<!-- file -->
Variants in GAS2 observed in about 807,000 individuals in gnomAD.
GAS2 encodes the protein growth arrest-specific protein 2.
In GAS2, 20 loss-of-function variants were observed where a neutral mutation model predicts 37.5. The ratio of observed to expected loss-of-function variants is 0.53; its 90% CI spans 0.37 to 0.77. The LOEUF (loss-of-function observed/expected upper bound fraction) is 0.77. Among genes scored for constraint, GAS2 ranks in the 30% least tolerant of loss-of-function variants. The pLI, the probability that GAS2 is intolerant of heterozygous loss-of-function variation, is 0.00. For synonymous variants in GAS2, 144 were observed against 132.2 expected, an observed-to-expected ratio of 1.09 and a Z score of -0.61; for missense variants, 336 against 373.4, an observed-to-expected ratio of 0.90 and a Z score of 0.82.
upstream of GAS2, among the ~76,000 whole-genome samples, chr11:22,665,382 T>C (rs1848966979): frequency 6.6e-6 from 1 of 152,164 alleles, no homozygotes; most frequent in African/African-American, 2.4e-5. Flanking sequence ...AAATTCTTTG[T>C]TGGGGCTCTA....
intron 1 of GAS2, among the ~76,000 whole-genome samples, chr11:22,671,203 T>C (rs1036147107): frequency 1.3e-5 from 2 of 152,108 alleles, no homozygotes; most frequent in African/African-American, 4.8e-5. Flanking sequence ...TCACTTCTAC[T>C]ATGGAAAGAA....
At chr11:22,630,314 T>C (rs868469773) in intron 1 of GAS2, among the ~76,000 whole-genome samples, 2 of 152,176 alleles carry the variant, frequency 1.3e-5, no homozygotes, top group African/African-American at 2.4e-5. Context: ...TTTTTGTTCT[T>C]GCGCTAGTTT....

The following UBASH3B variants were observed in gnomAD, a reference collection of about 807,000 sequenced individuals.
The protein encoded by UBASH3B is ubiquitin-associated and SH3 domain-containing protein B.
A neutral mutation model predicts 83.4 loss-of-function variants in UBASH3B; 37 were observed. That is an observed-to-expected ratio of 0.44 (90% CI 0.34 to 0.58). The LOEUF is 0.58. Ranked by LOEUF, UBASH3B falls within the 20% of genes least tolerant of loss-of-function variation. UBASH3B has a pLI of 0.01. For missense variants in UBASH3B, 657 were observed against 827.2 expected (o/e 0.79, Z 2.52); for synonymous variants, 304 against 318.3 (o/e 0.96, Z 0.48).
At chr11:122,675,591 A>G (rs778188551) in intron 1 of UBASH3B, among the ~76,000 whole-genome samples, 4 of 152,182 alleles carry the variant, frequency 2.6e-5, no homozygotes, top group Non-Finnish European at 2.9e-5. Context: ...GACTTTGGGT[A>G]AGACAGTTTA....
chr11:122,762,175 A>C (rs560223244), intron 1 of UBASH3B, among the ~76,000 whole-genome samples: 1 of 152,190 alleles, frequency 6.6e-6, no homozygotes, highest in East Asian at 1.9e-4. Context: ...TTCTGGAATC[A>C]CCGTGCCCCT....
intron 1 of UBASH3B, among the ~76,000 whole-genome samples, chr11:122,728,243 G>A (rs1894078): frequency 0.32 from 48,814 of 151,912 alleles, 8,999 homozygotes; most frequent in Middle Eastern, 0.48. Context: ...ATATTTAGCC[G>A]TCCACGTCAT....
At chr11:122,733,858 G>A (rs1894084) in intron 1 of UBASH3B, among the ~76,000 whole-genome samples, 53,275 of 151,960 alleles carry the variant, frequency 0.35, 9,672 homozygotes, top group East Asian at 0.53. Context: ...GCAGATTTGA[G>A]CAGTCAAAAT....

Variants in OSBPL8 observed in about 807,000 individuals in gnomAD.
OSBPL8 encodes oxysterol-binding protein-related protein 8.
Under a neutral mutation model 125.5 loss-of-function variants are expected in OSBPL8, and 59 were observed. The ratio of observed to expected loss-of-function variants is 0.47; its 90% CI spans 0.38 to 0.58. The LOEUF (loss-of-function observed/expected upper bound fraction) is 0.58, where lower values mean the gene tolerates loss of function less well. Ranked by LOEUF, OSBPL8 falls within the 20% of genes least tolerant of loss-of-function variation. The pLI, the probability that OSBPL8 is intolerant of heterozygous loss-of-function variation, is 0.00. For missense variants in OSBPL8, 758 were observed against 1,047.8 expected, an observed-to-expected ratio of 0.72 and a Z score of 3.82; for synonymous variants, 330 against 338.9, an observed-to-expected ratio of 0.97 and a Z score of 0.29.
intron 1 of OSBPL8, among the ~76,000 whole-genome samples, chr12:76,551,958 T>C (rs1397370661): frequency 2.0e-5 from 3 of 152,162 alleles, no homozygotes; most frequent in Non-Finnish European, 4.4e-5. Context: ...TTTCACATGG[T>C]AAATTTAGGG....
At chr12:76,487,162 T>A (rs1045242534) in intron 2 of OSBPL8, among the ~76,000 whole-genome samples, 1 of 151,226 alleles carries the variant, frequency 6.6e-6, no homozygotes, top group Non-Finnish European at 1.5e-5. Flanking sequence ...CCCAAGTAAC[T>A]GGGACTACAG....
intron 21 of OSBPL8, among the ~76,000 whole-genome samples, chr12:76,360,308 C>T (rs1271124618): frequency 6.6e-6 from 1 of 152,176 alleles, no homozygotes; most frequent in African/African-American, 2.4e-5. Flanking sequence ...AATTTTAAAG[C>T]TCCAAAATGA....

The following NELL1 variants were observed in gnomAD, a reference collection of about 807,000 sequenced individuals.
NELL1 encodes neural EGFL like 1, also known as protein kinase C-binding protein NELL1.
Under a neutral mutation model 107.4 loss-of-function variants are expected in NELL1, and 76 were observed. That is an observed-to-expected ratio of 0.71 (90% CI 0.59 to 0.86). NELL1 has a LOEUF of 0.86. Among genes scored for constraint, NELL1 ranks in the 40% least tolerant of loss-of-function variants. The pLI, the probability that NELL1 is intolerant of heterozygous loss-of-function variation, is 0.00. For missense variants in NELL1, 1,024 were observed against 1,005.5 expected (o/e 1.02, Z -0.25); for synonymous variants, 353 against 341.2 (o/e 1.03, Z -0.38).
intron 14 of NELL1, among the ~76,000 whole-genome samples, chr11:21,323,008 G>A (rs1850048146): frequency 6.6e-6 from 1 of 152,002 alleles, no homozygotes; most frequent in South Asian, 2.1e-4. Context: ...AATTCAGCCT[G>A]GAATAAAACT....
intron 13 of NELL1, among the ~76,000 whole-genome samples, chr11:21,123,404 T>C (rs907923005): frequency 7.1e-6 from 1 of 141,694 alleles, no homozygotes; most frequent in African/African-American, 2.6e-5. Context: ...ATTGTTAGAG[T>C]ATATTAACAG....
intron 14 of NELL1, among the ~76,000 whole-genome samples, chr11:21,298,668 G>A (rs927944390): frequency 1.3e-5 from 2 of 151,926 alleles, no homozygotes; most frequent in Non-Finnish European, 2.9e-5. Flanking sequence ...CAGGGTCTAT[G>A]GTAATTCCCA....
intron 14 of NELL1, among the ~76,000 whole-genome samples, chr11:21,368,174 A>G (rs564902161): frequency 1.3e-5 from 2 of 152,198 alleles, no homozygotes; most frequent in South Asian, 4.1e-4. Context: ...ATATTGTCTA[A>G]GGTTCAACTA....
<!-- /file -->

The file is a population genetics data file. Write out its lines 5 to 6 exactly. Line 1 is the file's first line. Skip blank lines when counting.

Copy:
intron 1 of GAS2, among the ~76,000 whole-genome samples, chr11:22,671,203 T>C (rs1036147107): frequency 1.3e-5 from 2 of 152,108 alleles, no homozygotes; most frequent in African/African-American, 4.8e-5. Flanking sequence ...TCACTTCTAC[T>C]ATGGAAAGAA....
At chr11:22,630,314 T>C (rs868469773) in intron 1 of GAS2, among the ~76,000 whole-genome samples, 2 of 152,176 alleles carry the variant, frequency 1.3e-5, no homozygotes, top group African/African-American at 2.4e-5. Context: ...TTTTTGTTCT[T>C]GCGCTAGTTT....